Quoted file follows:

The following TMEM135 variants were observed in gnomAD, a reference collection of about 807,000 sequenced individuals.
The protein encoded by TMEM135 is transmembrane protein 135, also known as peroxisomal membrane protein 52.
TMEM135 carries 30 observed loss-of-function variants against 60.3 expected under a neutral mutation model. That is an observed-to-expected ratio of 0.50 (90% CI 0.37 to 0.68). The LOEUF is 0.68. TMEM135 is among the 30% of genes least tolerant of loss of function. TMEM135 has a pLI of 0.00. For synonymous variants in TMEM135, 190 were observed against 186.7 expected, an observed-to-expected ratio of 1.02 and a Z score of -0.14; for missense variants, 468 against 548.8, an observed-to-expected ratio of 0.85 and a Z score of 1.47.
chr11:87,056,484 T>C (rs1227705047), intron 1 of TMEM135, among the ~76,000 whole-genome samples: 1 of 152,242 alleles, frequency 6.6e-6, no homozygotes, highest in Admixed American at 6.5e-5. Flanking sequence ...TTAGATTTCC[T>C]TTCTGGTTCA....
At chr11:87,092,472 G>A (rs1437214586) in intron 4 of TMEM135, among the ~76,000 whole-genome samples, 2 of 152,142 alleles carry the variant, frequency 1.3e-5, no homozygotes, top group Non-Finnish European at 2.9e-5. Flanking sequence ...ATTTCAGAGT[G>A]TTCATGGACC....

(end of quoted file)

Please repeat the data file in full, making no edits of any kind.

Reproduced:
The following TMEM135 variants were observed in gnomAD, a reference collection of about 807,000 sequenced individuals.
The protein encoded by TMEM135 is transmembrane protein 135, also known as peroxisomal membrane protein 52.
TMEM135 carries 30 observed loss-of-function variants against 60.3 expected under a neutral mutation model. That is an observed-to-expected ratio of 0.50 (90% CI 0.37 to 0.68). The LOEUF is 0.68. TMEM135 is among the 30% of genes least tolerant of loss of function. TMEM135 has a pLI of 0.00. For synonymous variants in TMEM135, 190 were observed against 186.7 expected, an observed-to-expected ratio of 1.02 and a Z score of -0.14; for missense variants, 468 against 548.8, an observed-to-expected ratio of 0.85 and a Z score of 1.47.
chr11:87,056,484 T>C (rs1227705047), intron 1 of TMEM135, among the ~76,000 whole-genome samples: 1 of 152,242 alleles, frequency 6.6e-6, no homozygotes, highest in Admixed American at 6.5e-5. Flanking sequence ...TTAGATTTCC[T>C]TTCTGGTTCA....
At chr11:87,092,472 G>A (rs1437214586) in intron 4 of TMEM135, among the ~76,000 whole-genome samples, 2 of 152,142 alleles carry the variant, frequency 1.3e-5, no homozygotes, top group Non-Finnish European at 2.9e-5. Flanking sequence ...ATTTCAGAGT[G>A]TTCATGGACC....